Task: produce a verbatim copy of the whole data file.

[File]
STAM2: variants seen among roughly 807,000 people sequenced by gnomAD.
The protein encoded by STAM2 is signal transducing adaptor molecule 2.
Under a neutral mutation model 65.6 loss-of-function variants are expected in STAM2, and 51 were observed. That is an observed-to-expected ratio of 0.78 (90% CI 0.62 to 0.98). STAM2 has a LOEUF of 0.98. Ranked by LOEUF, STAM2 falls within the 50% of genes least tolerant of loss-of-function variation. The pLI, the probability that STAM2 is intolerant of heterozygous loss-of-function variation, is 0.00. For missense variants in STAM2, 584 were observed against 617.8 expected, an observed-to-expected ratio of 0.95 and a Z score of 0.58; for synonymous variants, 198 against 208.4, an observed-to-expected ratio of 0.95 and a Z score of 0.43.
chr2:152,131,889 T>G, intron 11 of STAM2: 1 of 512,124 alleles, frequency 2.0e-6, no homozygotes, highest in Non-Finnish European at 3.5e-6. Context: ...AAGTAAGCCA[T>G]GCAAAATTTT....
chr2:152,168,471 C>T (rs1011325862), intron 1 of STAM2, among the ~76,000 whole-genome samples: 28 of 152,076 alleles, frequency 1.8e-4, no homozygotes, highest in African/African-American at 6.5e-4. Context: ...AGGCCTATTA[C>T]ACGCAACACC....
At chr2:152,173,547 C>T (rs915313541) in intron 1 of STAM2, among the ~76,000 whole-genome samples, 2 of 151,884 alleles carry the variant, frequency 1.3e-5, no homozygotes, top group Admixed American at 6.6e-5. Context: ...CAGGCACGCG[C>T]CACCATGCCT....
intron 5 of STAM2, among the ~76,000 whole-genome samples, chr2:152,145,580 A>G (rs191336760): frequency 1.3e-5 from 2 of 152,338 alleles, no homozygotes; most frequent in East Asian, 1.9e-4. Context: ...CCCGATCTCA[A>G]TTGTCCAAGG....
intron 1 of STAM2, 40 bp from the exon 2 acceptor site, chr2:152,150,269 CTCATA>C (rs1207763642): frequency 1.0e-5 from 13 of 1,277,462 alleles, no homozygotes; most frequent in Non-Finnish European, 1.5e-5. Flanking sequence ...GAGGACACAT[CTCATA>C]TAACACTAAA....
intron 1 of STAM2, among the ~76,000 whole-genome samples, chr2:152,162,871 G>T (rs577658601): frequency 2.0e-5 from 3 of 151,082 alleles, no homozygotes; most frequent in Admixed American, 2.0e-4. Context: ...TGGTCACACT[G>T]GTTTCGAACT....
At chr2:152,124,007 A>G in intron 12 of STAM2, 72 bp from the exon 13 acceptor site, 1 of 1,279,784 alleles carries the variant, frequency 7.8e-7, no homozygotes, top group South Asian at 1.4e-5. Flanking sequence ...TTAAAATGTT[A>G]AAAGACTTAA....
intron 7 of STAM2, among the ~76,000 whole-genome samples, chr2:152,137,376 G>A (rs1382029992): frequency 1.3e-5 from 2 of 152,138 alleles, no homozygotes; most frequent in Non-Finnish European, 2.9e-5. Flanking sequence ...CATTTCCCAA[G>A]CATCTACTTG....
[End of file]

STAM2: variants seen among roughly 807,000 people sequenced by gnomAD.
The protein encoded by STAM2 is signal transducing adaptor molecule 2.
Under a neutral mutation model 65.6 loss-of-function variants are expected in STAM2, and 51 were observed. That is an observed-to-expected ratio of 0.78 (90% CI 0.62 to 0.98). STAM2 has a LOEUF of 0.98. Ranked by LOEUF, STAM2 falls within the 50% of genes least tolerant of loss-of-function variation. The pLI, the probability that STAM2 is intolerant of heterozygous loss-of-function variation, is 0.00. For missense variants in STAM2, 584 were observed against 617.8 expected, an observed-to-expected ratio of 0.95 and a Z score of 0.58; for synonymous variants, 198 against 208.4, an observed-to-expected ratio of 0.95 and a Z score of 0.43.
chr2:152,131,889 T>G, intron 11 of STAM2: 1 of 512,124 alleles, frequency 2.0e-6, no homozygotes, highest in Non-Finnish European at 3.5e-6. Context: ...AAGTAAGCCA[T>G]GCAAAATTTT....
chr2:152,168,471 C>T (rs1011325862), intron 1 of STAM2, among the ~76,000 whole-genome samples: 28 of 152,076 alleles, frequency 1.8e-4, no homozygotes, highest in African/African-American at 6.5e-4. Context: ...AGGCCTATTA[C>T]ACGCAACACC....
At chr2:152,173,547 C>T (rs915313541) in intron 1 of STAM2, among the ~76,000 whole-genome samples, 2 of 151,884 alleles carry the variant, frequency 1.3e-5, no homozygotes, top group Admixed American at 6.6e-5. Context: ...CAGGCACGCG[C>T]CACCATGCCT....
intron 5 of STAM2, among the ~76,000 whole-genome samples, chr2:152,145,580 A>G (rs191336760): frequency 1.3e-5 from 2 of 152,338 alleles, no homozygotes; most frequent in East Asian, 1.9e-4. Context: ...CCCGATCTCA[A>G]TTGTCCAAGG....
intron 1 of STAM2, 40 bp from the exon 2 acceptor site, chr2:152,150,269 CTCATA>C (rs1207763642): frequency 1.0e-5 from 13 of 1,277,462 alleles, no homozygotes; most frequent in Non-Finnish European, 1.5e-5. Flanking sequence ...GAGGACACAT[CTCATA>C]TAACACTAAA....
intron 1 of STAM2, among the ~76,000 whole-genome samples, chr2:152,162,871 G>T (rs577658601): frequency 2.0e-5 from 3 of 151,082 alleles, no homozygotes; most frequent in Admixed American, 2.0e-4. Context: ...TGGTCACACT[G>T]GTTTCGAACT....
At chr2:152,124,007 A>G in intron 12 of STAM2, 72 bp from the exon 13 acceptor site, 1 of 1,279,784 alleles carries the variant, frequency 7.8e-7, no homozygotes, top group South Asian at 1.4e-5. Flanking sequence ...TTAAAATGTT[A>G]AAAGACTTAA....
intron 7 of STAM2, among the ~76,000 whole-genome samples, chr2:152,137,376 G>A (rs1382029992): frequency 1.3e-5 from 2 of 152,138 alleles, no homozygotes; most frequent in Non-Finnish European, 2.9e-5. Flanking sequence ...CATTTCCCAA[G>A]CATCTACTTG....